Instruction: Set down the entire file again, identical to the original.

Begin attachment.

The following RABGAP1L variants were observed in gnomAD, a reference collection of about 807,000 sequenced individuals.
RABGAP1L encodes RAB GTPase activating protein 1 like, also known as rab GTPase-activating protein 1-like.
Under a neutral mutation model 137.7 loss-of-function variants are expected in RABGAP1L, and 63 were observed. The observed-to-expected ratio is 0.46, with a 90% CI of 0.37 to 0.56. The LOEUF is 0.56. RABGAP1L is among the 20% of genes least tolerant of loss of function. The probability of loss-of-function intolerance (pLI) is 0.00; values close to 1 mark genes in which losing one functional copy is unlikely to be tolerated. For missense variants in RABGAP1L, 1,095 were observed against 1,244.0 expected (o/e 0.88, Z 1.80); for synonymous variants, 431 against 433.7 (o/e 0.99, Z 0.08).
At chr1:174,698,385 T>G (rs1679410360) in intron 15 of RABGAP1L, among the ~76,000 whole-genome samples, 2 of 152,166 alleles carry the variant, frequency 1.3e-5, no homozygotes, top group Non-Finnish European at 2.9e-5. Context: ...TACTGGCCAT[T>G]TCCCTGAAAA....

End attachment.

The following RABGAP1L variants were observed in gnomAD, a reference collection of about 807,000 sequenced individuals.
RABGAP1L encodes RAB GTPase activating protein 1 like, also known as rab GTPase-activating protein 1-like.
Under a neutral mutation model 137.7 loss-of-function variants are expected in RABGAP1L, and 63 were observed. The observed-to-expected ratio is 0.46, with a 90% CI of 0.37 to 0.56. The LOEUF is 0.56. RABGAP1L is among the 20% of genes least tolerant of loss of function. The probability of loss-of-function intolerance (pLI) is 0.00; values close to 1 mark genes in which losing one functional copy is unlikely to be tolerated. For missense variants in RABGAP1L, 1,095 were observed against 1,244.0 expected (o/e 0.88, Z 1.80); for synonymous variants, 431 against 433.7 (o/e 0.99, Z 0.08).
At chr1:174,698,385 T>G (rs1679410360) in intron 15 of RABGAP1L, among the ~76,000 whole-genome samples, 2 of 152,166 alleles carry the variant, frequency 1.3e-5, no homozygotes, top group Non-Finnish European at 2.9e-5. Context: ...TACTGGCCAT[T>G]TCCCTGAAAA....